Let’s take a look at each section of a PCB board in more depth.
Types of Printed Circuit Board: Conductive and Masking Layers
Fine sheets of copper are most commonly used for conductive layers in PCB boards.
Depending on the type of PCB board, they are laminated to either one or both sides of the base substrate using high pressure, heat, and a specialized adhesive.
Once the board base layers have been created, the connector pathways that transport the electrical current are made.
These are called “traces”. The traces are etched into the surface of the copper layer.
As a result, they harness the high electrical conduction qualities of the material and create a complete circuit.
The copper layers must be very well insulated. Otherwise, rogue contacts interfere with the circuit and short it out.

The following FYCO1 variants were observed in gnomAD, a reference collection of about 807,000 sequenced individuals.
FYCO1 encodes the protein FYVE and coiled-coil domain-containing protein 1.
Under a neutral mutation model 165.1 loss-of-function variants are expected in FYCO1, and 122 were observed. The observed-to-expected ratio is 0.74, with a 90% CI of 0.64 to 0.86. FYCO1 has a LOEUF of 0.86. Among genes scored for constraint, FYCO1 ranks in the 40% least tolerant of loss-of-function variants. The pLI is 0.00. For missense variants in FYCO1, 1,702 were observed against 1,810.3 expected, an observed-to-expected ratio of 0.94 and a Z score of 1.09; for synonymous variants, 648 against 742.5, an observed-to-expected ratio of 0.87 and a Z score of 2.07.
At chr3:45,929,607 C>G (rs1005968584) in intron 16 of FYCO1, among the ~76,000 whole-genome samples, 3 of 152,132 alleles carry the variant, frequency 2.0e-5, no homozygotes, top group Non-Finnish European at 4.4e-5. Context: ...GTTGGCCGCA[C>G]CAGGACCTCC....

The insulation should be provided by either further layers of a substrate or a solder mask that shields the external face of the board.
What are PCB Boards Used for?
This question is quite difficult to answer succinctly, as PCB boards are great for all manner of applications.
You could say that almost every electrical item on the planet has a PCB board inside it!
But in simplistic terms, PCB boards connect all the relevant components that a device needs to operate successfully.
This allows the device to function as intended and carry out complex processes smoothly.
Types of Printed Circuit Board: Electronic Devices
Caption: Woman using her mobile phone
The most common use of a PCB board is to allow an electronic product to perform a simple action.
They provide the required pathways and channels for signals and power to follow.
Consequently, if a device did not have a PCB board, the chances are that it wouldn’t even power up!
Types of Printed Circuit Boards: Computers
Caption: Fingers typing on keyboard closeup
Aside from these very basic tasks, with the addition of more components and higher-spec designs, PCB boards are able to perform more complex functions.